The final presynaptic endocytosis mode is ADBE. As the name suggests, ADBE is only triggered during high activity and is the dominant endocytosis mode under these conditions (Clayton et al., 2008). Similar to ultrafast endocytosis, ADBE is a two-step process with bulk endosomes being formed direct from the plasma membrane, from which SVs are subsequently generated (Clayton and Cousin, 2009). In contrast to ultrafast endocytosis however, ADBE forms large endosomes (up to 500 μm diameter) with a timescale that is at least an order of magnitude slower (Clayton et al., 2008). The formation of bulk endocytosis is directly coupled to neuronal activity via a dephosphorylation cascade initiated by the protein phosphatase calcineurin (Clayton et al., 2009; Wu et al., 2014). Bulk endosome formation is also clathrin-independent (Heerssen et al., 2008; Kasprowicz et al., 2008; Kononenko et al., 2014; Nicholson-Fish et al., 2015; Soykan et al., 2017), however SV generation from these endosomes requires both clathrin and adaptor proteins (Heerssen et al., 2008; Kasprowicz et al., 2008; Cheung and Cousin, 2012; Kononenko et al., 2014).
How Does Cargo Clustering Integrate with Known Endocytosis Modes?
Multiple SV cargo clustering mechanisms exist in central nerve terminals. In addition to this there are at least three discrete endocytosis modes that can be triggered dependent on stimulus intensity. This raises an important question—do different endocytosis modes have similar or autonomous mechanisms that are responsible for cargo selection and retrieval?
Pre-Assembled Clusters—Separating Fused SVs from Cargo Retrieval
Ultrafast endocytosis retrieves plasma membrane at the peri-active zone within 50 ms of action potential stimulation (Watanabe et al., 2013b). Therefore, it is highly unlikely that the same cargoes that were present on the SV that fused during the same stimulation train are retrieved via this endocytosis mode. This is a major conceptual point, since it illustrates that even when exocytosis and endocytosis are in balance, the SV cargo deposited and retrieved from the plasma membrane can be distinct. In support, there is now accumulating experimental evidence that plasma membrane cargo is clustered prior to action potential stimulation and can be distinct from that deposited during exocytosis.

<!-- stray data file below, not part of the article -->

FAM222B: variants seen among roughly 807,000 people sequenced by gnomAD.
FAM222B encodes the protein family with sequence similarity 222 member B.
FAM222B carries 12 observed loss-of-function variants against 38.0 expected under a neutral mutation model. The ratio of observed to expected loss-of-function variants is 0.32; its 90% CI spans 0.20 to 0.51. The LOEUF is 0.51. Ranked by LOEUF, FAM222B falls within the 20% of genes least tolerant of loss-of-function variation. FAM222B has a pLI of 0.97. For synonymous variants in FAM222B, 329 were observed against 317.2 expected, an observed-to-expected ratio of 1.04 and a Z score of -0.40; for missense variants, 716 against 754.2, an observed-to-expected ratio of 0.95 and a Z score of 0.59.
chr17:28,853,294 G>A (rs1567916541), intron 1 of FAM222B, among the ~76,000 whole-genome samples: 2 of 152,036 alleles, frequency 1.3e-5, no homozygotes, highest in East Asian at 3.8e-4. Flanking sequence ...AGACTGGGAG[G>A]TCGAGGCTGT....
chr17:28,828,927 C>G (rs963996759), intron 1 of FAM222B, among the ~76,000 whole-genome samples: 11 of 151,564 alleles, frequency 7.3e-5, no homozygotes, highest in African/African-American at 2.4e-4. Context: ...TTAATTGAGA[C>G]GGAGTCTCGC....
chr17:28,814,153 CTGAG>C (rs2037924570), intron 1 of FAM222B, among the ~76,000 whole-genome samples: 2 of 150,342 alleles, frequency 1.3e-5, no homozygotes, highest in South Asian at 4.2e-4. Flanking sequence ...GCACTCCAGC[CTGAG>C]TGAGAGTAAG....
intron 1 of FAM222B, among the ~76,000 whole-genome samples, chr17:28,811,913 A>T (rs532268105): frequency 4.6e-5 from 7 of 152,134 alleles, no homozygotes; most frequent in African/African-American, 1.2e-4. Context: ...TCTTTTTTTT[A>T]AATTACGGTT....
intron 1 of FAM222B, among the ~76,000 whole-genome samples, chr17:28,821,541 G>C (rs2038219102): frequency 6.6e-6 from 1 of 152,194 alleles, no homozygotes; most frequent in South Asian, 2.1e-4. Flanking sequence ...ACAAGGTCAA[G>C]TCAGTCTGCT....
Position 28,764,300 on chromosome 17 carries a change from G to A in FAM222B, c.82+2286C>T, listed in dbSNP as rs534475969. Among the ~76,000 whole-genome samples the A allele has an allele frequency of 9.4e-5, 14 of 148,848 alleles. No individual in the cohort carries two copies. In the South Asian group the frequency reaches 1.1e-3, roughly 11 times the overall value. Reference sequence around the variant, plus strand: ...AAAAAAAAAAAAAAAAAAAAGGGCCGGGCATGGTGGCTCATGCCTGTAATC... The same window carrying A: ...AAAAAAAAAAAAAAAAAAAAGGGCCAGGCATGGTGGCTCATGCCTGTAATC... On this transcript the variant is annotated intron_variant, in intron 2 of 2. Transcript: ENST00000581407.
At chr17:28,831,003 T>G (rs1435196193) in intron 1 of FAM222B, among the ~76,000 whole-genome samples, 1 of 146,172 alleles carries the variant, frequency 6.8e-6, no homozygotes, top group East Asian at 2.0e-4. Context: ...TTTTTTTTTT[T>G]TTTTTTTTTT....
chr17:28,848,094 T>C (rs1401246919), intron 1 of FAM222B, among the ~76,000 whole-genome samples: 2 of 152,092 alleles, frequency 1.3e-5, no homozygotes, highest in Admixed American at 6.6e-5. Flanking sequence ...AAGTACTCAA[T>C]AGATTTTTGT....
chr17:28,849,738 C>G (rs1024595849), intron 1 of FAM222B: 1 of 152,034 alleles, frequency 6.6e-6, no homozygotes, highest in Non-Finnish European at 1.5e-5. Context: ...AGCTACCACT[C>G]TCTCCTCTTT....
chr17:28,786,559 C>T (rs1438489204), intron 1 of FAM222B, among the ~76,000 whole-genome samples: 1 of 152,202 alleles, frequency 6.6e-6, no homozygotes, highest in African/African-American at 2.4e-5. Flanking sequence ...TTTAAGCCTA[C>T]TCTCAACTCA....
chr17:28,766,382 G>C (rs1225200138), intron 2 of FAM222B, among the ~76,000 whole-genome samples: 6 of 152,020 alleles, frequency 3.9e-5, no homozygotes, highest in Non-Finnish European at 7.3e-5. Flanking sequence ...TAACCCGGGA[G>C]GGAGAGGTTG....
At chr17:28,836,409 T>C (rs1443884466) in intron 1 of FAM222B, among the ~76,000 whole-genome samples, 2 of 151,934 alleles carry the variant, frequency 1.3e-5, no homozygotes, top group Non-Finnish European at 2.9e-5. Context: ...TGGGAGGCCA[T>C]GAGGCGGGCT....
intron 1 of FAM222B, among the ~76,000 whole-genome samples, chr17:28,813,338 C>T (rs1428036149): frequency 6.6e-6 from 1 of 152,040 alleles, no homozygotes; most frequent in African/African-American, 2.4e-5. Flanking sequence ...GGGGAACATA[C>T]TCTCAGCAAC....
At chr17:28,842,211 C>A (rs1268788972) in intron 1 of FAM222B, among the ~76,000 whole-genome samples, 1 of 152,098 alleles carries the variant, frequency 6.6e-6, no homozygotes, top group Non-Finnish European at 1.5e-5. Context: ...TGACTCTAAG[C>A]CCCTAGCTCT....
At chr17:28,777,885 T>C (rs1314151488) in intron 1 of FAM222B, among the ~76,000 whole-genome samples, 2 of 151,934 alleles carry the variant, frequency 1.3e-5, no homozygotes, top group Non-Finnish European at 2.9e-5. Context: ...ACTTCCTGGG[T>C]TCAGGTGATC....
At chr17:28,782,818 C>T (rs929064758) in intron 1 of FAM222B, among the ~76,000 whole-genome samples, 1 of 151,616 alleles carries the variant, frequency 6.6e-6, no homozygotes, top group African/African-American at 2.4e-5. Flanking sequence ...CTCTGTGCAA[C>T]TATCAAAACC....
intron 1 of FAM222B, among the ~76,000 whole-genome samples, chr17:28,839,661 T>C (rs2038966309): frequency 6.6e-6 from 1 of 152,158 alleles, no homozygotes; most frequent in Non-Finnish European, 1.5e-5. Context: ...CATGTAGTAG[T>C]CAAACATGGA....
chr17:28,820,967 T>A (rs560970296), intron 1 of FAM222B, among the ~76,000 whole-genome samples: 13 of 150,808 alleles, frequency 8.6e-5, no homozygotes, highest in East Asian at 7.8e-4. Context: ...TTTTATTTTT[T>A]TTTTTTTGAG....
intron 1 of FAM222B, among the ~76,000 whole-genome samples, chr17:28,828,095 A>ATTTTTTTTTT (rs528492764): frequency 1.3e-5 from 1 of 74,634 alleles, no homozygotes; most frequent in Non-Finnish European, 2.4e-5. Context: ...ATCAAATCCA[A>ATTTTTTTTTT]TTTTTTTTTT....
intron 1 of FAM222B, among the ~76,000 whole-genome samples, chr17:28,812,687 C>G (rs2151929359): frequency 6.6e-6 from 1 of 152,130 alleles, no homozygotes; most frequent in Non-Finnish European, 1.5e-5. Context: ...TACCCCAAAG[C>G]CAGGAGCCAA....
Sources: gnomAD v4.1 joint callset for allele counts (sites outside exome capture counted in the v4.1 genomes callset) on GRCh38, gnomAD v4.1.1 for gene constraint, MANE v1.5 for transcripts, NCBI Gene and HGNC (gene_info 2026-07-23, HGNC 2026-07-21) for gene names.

The first evidence for the absence of a mandatory requirement for newly deposited SV cargo to be retrieved by endocytosis came from studies using a genetically encoded reporter of SV cargo that had a protease-cleavable site (sybII-pHluorin). Removal of the fluorescent moiety from the plasma membrane population of sybII-pHluorin revealed that the reporter deposited on the cell surface during neuronal activity was not the same as the reporter that was retrieved by endocytosis (Wienisch and Klingauf, 2006). This result was confirmed in a separate study which demonstrated that endogenous SV cargoes present on the plasma membrane were retrieved during endocytosis (Fernández-Alfonso et al., 2006). Furthermore, plasma membrane-localized SV cargoes were demonstrated to be preferentially retrieved during the same stimulus train though use of antibodies conjugated to fluorescent pH-sensitive dyes that tracked endogenous proteins. Such pre-assembled plasma membrane clusters have been termed the “readily retrievable pool” and were revealed to reside in the peri-active zone (Hua et al., 2011). It is therefore tempting to speculate that this “readily retrievable pool” forms the cargo that is available and immediately retrieved during ultrafast endocytosis.
SV cargo should be freely diffusible in the plasma membrane, meaning the readily retrievable pool has to be constrained within the peri-active zone area via specific molecular mechanisms. Adaptor proteins may perform a key role in this regard. Using genetically-encoded reporters of SV cargo in conjunction with super-resolution microscopy, it was demonstrated that freshly deposited cargo was freely diffusible within the plasma membrane, but was prevented from leaving the presynapse by the presence of adaptor proteins and potentially other unidentified factors which retarded diffusion (Gimber et al., 2015). Interestingly, the iTRAP synaptophysin has recently been proposed to aid clearance of sybII from active zone regions during action potential stimulation (Rajappa et al., 2016). This suggests that a number of SV cargo clustering mechanisms participate in forming and maintaining the readily retrievable pool.
Ultrafast Endocytosis vs. Kiss-and-Run